Andrew Wincott was a poor choice for this book. I didn't like the style of his narration, he adds drama to his voice depending on what is being read, and at times puts on accents, which is extremely irritating. The story or subject alone is all I want, I don't need drama being added by the narrator. It may be suited to children's books, but was completely inappropriate for the content matter of this book.
I think I get what Ranulph had in mind - the portrayal of human courage in the face of unimaginable horror and hardship, but what wasn't delivered was the story. There was no attempt to try and explain or understand what makes some people act in the way that they do, and I couldn't help but feel too much emphasis was placed on describing the environment and situation, and not enough on the story, in some cases there was just no story, just a poor and very graphic history lesson.There really is no need to give example after example (it really does go on and on) of horrific violence.
"Gore and blood"
I would recommend this for anyone with a strong stomach and for those feeling very upbeat and happy. For anyone feeling slightly delicate in body or soul, this is best avoided
I would try another book by Fiennes as he is a good writer of adventures.
Andrew Wincott has a very steady strong voice which is needed when dealing with some of the more gruesome descriptions of torture.
This is a book that you need to take breaks from, digest and get strength back to deal with the next horrific chapter. It gives a very clear and good description of many historical events and i feel i have learnt a lot from it but it isn`t exactly 'easy listening'
The story to gore ratio seemed unbalanced sometimes.
"Stories of true grit, survival and humanity"
Really inspiring stories of people and unsurvivable obstacles. Through genocide to extreme environments this was at times difficult to listen to the pain an suffering some endured but thoroughly good listen!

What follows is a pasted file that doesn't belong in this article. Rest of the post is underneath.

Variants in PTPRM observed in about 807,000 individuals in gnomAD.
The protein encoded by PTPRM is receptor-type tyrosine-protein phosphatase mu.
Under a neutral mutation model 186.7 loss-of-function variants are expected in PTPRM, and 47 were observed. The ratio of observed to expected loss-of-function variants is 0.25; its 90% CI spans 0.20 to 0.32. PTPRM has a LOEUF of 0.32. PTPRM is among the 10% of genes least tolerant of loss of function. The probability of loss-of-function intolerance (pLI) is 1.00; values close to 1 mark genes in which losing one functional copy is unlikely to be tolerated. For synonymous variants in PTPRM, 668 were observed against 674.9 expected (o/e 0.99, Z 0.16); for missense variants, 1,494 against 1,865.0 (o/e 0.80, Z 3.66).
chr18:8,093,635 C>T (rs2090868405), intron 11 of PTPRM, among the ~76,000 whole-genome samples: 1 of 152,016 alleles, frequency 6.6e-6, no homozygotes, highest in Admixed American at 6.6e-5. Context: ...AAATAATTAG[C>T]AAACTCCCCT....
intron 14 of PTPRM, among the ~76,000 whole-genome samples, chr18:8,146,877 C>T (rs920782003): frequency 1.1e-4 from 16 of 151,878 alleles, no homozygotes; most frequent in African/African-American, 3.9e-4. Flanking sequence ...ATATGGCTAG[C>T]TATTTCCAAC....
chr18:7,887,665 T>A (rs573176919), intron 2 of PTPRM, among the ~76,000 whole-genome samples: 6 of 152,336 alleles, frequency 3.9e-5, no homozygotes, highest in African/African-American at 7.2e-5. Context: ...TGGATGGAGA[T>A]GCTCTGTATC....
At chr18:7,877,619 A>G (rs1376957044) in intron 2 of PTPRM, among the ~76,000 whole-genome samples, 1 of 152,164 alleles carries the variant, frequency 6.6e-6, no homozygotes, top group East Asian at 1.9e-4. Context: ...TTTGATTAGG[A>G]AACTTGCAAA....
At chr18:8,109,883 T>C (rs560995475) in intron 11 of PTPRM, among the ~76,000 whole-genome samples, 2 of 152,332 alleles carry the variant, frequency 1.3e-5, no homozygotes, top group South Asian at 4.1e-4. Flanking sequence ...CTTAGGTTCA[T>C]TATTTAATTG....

"Well worn stories, more harrowing than uplifting"
No. There are some well worn stories in this book (spoiler - see 'The Killing Fields, 'Hotel Rwanda, 'Lone Survivor' and more of the same). I like Mr Fiennes' books in general but this seemed to be too much of a retread of stories already told. I listened to one chapter at a time but after listening to the first few chapters I found that I wasn't really looking forward to listening to the next ones - I knew that it would be more of the same, tales of murder, torture, and generally harrowing stories.
Nothing to say about Wincott but this book has the worst person I have ever heard trying to do accents.
"Very interesting read"
Man against Man. Man against the elements. True heroes one & all. Worth the time.
This app is rubbish. Bored now
I had great expectations when I bought this. There are most certainly some very interesting people however, at times I felt that he was just filling pages. I think Fiennes should stick to what is is much better at...polar exploration. Although I have to acknowledge that his polar exploration day have a finite lifespan if he is to carry on writing in this way may I suggest ..."less is more".